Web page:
The Westside Trail of the Atlanta BeltLine (Photo by Asep Mawardi)

A small tax increase for businesses and apartment complexes along the Atlanta BeltLine corridor has been proposed to help fund the completion of the entire 22-mile loop.

Legislation to create a Special Service District (SSD) within the Atlanta BeltLine Planning Area was introduced at the Atlanta City Council meeting on Jan. 19. 

Without additional funding, BeltLine officials contend the trail corridor would not be completed before the Tax Allocation District (TAD) expires in 2030. The TAD will generate at least $1 billion less than originally projected. The estimated cost to design and construct the remaining trail corridor is $350 million.

The finished BeltLine is expected to yield a $10 billion economic impact and 50,000 permanent jobs for the city. 

“This additional funding moves us one step closer to our vision for creating One Atlanta,” said Atlanta Mayor Keisha Lance Bottoms in a press release. “I am encouraged by this latest commitment to move our plans for affordable housing and community revitalization forward.”

An SSD is a geographic district created through legislation that levies additional property taxes to provide local government services. In the case of the BeltLine, commercial and multi-family property owners within the Atlanta BeltLine Planning Area (which includes the half-mile on either side of the corridor) would see an estimated 2-mill increase or two-tenths of a penny per dollar in the assessed value of each property. Funds go towards trail acquisition, design, and construction. 

“Fulfilling the promise of the Atlanta BeltLine, and especially the benefits to the community, is more important than ever,” said Clyde Higgs, CEO of Atlanta BeltLine, Inc. (ABI). “The proposed district will bring value to communities by focusing on greater job creation and equitable economic access which all support Mayor Bottoms’ One Atlanta Plan.” 

Residents living in single-family homes would not be subject to the increase. Almost half of the commercial and multi-family parcels contained within the proposed SSD would pay less than an additional $250 annually, or about $20 a month.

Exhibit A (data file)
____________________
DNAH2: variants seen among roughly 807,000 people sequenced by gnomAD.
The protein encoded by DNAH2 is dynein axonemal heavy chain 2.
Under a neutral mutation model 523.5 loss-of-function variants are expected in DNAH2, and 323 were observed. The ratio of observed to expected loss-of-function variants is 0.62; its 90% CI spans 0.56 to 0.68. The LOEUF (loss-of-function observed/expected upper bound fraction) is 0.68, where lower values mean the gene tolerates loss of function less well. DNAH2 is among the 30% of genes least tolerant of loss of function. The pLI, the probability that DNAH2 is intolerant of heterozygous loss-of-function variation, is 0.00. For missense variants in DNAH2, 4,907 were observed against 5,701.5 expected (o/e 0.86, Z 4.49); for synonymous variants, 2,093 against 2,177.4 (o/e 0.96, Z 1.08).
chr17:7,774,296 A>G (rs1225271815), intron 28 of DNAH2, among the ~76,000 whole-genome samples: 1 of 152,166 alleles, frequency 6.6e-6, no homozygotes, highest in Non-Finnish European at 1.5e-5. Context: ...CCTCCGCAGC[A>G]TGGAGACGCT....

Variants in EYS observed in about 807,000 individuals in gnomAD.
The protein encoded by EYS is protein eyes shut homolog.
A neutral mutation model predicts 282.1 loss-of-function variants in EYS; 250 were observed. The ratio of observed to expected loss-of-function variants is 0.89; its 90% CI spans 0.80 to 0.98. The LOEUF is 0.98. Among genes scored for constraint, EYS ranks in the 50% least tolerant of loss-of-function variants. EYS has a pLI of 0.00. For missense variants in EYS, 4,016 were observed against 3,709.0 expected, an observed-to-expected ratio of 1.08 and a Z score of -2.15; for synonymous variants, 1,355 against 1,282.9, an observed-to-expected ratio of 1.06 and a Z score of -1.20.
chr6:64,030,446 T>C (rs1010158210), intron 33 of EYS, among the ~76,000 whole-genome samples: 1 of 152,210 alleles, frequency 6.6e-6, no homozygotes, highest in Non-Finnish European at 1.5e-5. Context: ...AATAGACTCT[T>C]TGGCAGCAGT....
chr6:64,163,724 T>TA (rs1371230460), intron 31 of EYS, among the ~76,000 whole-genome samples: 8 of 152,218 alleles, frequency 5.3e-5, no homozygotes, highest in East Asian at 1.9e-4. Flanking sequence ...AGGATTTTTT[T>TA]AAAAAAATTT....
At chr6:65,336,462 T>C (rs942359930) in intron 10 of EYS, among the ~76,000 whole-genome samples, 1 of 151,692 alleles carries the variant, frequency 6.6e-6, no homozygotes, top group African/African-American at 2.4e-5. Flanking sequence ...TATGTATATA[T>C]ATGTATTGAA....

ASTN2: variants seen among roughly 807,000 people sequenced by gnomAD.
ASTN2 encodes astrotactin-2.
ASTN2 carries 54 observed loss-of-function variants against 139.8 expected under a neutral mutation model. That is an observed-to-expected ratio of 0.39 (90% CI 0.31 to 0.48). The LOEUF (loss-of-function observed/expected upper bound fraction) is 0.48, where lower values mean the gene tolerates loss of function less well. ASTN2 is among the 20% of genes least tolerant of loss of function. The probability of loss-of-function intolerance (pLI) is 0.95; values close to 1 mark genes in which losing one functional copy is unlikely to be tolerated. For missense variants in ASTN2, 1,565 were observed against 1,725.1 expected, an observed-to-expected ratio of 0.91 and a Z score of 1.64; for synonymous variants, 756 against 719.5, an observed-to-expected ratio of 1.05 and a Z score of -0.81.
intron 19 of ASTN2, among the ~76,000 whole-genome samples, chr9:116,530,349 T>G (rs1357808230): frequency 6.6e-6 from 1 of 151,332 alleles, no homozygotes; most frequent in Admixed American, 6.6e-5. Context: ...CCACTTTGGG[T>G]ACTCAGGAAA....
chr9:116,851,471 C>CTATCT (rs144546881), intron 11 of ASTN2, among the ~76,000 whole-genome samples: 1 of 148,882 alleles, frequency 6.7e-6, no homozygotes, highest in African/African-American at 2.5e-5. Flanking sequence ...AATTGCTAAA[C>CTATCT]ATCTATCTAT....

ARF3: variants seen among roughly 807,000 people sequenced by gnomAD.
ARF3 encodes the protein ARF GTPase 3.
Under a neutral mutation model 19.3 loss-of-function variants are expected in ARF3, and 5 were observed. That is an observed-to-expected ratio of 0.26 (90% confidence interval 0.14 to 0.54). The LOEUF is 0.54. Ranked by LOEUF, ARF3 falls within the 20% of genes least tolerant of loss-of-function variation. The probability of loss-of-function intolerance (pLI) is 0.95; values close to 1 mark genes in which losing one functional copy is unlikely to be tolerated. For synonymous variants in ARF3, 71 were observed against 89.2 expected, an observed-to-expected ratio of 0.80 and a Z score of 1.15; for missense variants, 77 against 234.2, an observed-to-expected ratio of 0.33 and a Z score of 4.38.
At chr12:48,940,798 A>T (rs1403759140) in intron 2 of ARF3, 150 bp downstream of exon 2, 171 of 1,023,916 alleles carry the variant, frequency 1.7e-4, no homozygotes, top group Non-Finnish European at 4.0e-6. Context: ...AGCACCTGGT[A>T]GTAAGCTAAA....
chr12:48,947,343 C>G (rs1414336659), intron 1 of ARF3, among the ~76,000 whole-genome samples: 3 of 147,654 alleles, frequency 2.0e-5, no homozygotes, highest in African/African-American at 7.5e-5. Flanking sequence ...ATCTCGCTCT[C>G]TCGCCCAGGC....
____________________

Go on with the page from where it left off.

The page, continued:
Additionally, new dedicated funding for trail completion through the SSD – combined with philanthropic support and the growth in TAD revenue – would generate an additional $50 million in funding to create deeper and longer-term housing affordability around the BeltLine and $7 million in small business support. 

“Enacting the Special Service District will help ensure that the BeltLine is home to 5,600 units of affordable housing by 2030,” said Councilmember Dustin Hillis, who introduced the ordinance at Tuesday’s Atlanta City Council meeting.

Affordable housing remains a top priority for the Atlanta BeltLine organizations. In addition to ABI’s commitment to meeting the project’s 5,600 unit goal, the Atlanta BeltLine Partnership (ABP) recently launched the Legacy Resident Retention Program – a $12.5 million, philanthropically-funded initiative to alleviate the burden of increasing property taxes for legacy homeowners. This new program complements existing Home Empowerment Workshops that connect BeltLine residents with resources to stay in their homes. 

“Atlanta’s philanthropic leaders have made early and ongoing investments in the BeltLine and want to see its benefits brought to all the communities it will connect. Our continued fundraising success is dependent upon those who benefit most financially from the Atlanta BeltLine’s completion making a meaningful contribution as well,” said ABP Executive Director Rob Brawner. “We must pass the Special Service District legislation now.” 

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Collin KelleyEditor

Collin Kelley has been the editor of Atlanta Intown for two decades and has been a journalist and freelance writer for 35 years. He’s also an award-winning poet and novelist.